BY Samantha Mimeran / 31 May 2016 / No Comments
Retail spending around the world is slowing. According to MasterCard Advisors senior vice president Sarah Quinlan, “retail spending [in Australia] is half of what it was a year ago, so we’re on a declining growth rate”. News out of the US is also grim, with many brick-and-mortar retailers seeing drops in sales in the first quarter of 2016. Nordstrom and Gap stock fell as much as 15 per cent after posting weak quarterly results. It is speculated that decreased shopping centre traffic is negatively affecting some of the big retailers and smaller ones, too.
On the flip side, eCommerce retail is faring much better, with numbers in April in the US more than 10 per cent higher than in 2015. Technology is the driver for the increase in eCommerce growth. Where investment in technology is “natural” in an eCommerce setting, the traditional retail industry now needs to adjust their programs and strategies to keep pace.
The increase in eCommerce sales can also be attributed to Millennials, who use mobile technology to “showroom” – compare prices and products in-store but then order online. With Millennials having a projected spending power of US$1.4 billion by 2020, traditional retailers need to take note. This “showrooming” phenomenon has created a number of challenges for brick-and-mortar retailers including:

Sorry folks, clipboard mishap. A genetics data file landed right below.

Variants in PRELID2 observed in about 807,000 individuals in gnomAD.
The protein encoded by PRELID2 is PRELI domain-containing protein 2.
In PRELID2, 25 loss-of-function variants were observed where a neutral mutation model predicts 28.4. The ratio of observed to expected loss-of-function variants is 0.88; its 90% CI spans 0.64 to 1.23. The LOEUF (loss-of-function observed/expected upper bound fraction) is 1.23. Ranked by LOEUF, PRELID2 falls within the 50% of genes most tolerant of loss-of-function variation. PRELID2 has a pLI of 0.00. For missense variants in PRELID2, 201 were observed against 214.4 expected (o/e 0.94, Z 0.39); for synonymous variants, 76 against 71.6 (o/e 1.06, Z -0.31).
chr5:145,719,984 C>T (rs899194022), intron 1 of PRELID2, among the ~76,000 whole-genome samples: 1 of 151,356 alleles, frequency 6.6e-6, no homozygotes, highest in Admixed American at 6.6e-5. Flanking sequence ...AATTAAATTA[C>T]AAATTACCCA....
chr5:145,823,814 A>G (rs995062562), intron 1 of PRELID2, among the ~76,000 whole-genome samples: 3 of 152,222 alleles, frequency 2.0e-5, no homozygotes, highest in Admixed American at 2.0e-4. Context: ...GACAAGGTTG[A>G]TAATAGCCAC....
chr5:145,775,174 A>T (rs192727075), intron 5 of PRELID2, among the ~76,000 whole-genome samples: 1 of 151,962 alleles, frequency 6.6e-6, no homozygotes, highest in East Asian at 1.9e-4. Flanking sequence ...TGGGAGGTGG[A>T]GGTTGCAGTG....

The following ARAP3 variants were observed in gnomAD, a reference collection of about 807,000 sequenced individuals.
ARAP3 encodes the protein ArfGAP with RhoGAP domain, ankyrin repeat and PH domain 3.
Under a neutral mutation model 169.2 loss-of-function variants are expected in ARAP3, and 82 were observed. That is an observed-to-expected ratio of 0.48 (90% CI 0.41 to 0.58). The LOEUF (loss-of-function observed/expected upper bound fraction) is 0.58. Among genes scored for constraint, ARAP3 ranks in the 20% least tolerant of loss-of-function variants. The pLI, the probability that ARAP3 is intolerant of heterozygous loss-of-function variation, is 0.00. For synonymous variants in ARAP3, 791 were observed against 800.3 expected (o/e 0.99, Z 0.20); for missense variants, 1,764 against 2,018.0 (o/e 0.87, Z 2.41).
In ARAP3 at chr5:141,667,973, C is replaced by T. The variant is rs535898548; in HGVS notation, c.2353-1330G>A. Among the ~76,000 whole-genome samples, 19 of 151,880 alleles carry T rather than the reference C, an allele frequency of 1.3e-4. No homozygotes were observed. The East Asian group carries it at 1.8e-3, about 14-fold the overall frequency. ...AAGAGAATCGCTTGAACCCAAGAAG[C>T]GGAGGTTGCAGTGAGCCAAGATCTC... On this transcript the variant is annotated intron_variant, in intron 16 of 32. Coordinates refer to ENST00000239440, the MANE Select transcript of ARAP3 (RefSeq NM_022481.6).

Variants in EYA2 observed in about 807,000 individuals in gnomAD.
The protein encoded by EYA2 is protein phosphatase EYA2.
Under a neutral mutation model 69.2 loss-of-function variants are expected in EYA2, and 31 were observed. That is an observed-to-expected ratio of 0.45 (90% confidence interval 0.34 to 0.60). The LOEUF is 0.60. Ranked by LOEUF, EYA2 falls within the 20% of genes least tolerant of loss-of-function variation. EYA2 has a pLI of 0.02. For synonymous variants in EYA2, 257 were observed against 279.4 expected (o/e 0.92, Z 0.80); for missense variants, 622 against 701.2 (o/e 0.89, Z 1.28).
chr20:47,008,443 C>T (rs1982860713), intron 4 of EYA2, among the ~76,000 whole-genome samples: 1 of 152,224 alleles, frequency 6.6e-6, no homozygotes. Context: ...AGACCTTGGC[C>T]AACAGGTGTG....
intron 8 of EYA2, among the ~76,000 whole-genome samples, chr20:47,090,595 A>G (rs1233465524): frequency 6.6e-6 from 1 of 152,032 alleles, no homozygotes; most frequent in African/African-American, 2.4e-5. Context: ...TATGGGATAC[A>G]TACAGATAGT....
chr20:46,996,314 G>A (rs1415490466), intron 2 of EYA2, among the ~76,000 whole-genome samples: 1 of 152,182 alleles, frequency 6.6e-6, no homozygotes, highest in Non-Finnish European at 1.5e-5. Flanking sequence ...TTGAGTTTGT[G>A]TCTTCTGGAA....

In order to counter the eCommerce disruption and overcome these challenges, most traditional retailers agree that offering seamless service and providing personalised product excellence is imperative. This translates into engaging a customer with rewarding experiences and will often include the need to:
What is clear is that without a unique and pleasant customer experience in-store, the retail industry will struggle. Technology is the driver of success going forward – online and in-store – and it is up to traditional retail industry to wake up and keep up – or risk losing it all.
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